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Toronto Urban Legends: Is Tim Hortons Spiking the Brew?

Is there any truth to persistent rumours about Tim Hortons adding nicotine to its coffee?

The truth behind the tales people tell about Toronto.

Ever find yourself breaking out in a cold sweat, developing a splitting headache, and tearing a strip off a complete stranger all while craving a cigarette Tim Hortons’ double-double? If the persistent urban legend is true, these fits may be the result of a sinister ploy by the coffee company to ensure that customers return, by adding nicotine to the coffee.

Bean struggling (get it?) to kick the coffee habit? Tim Hortons isn’t to blame. There’s not an ounce of truth, or nicotine, to the legend.

The yarn goes something like this: While visiting family in Toronto for the first time, an American tourist makes frequent trips to the nation’s most recognized coffee house, becoming inexplicably enamoured of Canada’s famous brew. In a tamer version of the legend, the sorry sod returns stateside green around the gills. A visit to the doctor reveals nicotine coursing through his veins. Since the tourist is a nonsmoker, his doctor is baffled. Further tests reveal that a copious amount of nicotine-laden coffee ingested during his romp north is the source of the health scare.

In a more sinister version, the American meets his demise in a Tim Hortons. Deathly allergic to nicotine, a single sip brings on cardiac arrest. Another version has a teenage girl’s heart bursting the instant her extra-large combines with the effects of a nicotine patch.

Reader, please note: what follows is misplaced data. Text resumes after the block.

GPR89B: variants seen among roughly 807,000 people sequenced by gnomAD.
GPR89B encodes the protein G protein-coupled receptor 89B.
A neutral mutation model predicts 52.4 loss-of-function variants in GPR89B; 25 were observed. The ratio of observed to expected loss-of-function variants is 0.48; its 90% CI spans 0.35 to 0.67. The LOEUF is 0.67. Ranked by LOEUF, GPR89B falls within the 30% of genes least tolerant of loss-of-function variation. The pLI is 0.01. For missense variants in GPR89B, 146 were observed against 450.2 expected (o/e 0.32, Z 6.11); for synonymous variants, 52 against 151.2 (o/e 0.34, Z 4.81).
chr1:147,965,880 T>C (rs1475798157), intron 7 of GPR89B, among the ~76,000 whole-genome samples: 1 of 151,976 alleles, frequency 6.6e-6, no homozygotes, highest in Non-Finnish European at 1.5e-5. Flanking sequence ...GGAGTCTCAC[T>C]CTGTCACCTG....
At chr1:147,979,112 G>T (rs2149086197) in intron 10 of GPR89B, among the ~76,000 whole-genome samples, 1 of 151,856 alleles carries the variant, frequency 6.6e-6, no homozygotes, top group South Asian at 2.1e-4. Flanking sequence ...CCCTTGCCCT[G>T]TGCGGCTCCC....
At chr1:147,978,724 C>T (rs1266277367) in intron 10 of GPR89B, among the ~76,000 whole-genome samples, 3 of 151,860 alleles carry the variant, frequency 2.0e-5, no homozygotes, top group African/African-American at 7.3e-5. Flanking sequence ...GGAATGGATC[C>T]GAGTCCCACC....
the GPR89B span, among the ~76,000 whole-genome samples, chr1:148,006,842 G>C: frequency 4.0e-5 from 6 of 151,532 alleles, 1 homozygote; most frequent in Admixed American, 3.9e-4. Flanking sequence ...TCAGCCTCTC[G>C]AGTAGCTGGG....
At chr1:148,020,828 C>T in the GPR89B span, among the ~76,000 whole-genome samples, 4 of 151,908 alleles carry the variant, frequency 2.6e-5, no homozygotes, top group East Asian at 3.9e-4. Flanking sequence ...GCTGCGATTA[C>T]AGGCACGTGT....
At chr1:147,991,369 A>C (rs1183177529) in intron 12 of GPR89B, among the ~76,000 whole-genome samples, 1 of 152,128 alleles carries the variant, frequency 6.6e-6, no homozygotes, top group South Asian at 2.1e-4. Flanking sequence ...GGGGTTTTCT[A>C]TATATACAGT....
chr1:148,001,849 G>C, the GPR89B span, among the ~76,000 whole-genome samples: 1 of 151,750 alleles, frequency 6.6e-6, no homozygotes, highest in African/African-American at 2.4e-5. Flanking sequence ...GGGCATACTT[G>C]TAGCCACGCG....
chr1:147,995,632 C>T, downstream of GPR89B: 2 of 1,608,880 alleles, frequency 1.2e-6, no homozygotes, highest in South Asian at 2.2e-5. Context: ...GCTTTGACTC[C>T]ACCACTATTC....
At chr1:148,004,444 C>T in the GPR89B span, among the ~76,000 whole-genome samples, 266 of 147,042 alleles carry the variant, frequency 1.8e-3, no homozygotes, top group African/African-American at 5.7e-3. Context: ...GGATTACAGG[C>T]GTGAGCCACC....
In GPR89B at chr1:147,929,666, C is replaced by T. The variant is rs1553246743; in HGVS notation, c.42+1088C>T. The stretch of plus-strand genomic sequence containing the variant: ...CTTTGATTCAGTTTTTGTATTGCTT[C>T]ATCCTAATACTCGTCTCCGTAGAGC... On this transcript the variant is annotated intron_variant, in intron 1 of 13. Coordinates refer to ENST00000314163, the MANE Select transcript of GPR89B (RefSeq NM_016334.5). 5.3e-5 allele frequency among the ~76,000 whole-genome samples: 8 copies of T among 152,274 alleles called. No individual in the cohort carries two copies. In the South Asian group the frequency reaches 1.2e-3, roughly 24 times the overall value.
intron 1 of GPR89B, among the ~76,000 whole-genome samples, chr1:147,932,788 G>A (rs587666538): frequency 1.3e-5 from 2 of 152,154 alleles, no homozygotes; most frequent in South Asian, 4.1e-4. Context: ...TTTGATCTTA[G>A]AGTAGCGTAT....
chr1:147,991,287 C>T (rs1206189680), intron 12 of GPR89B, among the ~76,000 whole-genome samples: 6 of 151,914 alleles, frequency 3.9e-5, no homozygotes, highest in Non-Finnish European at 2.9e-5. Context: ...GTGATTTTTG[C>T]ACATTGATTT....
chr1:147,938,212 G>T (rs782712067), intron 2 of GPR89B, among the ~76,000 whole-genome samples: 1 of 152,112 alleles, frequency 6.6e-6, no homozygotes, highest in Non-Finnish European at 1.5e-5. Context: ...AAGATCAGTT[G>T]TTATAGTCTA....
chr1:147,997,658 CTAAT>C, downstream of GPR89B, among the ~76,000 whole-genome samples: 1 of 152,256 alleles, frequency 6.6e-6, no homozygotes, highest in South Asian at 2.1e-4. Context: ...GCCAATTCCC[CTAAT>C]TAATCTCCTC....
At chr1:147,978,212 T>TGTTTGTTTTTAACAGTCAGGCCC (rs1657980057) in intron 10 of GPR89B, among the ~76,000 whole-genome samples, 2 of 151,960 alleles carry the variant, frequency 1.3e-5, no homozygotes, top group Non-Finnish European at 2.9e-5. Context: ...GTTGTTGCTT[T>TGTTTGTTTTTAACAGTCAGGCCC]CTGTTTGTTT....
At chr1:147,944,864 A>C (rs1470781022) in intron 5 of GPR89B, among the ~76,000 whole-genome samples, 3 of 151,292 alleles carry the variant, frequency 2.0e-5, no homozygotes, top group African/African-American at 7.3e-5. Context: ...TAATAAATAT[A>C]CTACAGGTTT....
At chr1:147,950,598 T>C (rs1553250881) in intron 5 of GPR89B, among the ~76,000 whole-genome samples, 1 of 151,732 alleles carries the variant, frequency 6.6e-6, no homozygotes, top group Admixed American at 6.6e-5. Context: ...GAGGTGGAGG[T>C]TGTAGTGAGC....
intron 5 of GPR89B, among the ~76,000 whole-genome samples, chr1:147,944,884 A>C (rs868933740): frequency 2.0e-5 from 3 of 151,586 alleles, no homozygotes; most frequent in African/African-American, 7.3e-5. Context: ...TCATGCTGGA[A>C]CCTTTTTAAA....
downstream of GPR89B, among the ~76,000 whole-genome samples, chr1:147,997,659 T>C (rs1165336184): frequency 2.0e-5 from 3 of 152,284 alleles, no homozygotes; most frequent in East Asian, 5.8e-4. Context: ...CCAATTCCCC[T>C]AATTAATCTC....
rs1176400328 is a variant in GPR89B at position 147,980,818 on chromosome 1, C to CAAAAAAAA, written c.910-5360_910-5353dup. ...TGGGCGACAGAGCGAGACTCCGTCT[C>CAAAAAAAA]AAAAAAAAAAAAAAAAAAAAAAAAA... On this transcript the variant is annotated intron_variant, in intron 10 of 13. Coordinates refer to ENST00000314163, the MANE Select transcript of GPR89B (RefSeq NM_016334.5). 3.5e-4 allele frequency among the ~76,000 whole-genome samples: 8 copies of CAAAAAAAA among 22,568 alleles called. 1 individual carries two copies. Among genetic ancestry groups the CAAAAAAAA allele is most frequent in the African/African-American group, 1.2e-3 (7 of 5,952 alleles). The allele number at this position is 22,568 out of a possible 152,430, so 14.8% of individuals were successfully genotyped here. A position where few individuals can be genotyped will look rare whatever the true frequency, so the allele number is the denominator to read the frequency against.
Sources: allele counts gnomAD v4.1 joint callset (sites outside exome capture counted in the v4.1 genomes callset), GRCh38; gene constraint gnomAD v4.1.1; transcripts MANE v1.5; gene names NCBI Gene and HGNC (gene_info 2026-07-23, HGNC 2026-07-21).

Tim Hortons is aware of the legend. They address it directly, here. Michelle Robichaud, public relations manager for Tim’s, told Torontoist unequivocally, “There is in fact nothing added to our coffee. We believe that our guests are addicted to consistency.”

Supplementing coffee with nicotine would not only be illegal, it would be extremely unhealthy.

Nicotine is derived from members of the nightshade family of plants. Scientifically known as Solanaceae, these include tobacco, of course, but also some edible plants, like potatoes and bell peppers, both of which have been found to contain vanishingly small amounts of nicotine.

In its purest form, nicotine is more potent than toxins like strychnine, cyanide, and arsenic. It can be used as an agricultural insecticide.

Yuck!

It’s clearly implausible that Tim Hortons would deliberately poison its customers. So how did the rumour get started? Finding the source of an urban legend is impossible. Tracing its propagation, however, is easier. Urban legends relating to nicotine have a history. In the ’80s, there were tales about McDonald’s adding nicotine to hamburgers. In the ’90s, Pokémon cards were rumoured to be laced with the substance. Today in the U.S., Starbucks coffee has its own nicotine legend.

Why Tim Hortons? Possible explanations include envy.

No one denies that caffeine, a naturally occurring stimulant found in coffee beans, is addictive, but it’s nowhere near as potent as nicotine. Even so, Tim Hortons has been wildly successful at selling caffeine. Founded by the late NHLer in 1964, the business has grown from a few Hamilton outlets into a force to be reckoned with. Nationwide, 80 per cent of all single servings of coffee purchased today are poured from a Tim Hortons’ carafe.

No doubt some would like to see Tim Hortons spend time in the penalty box, just ’cause.

If it’s nicotine you crave, light up a cig. On second thought, butt out and get your jolt from a mug of joe. Caffeine is less addictive, and it’s not nearly as unhealthy. You’ll have a nice, long life to spend contemplating urban legends.

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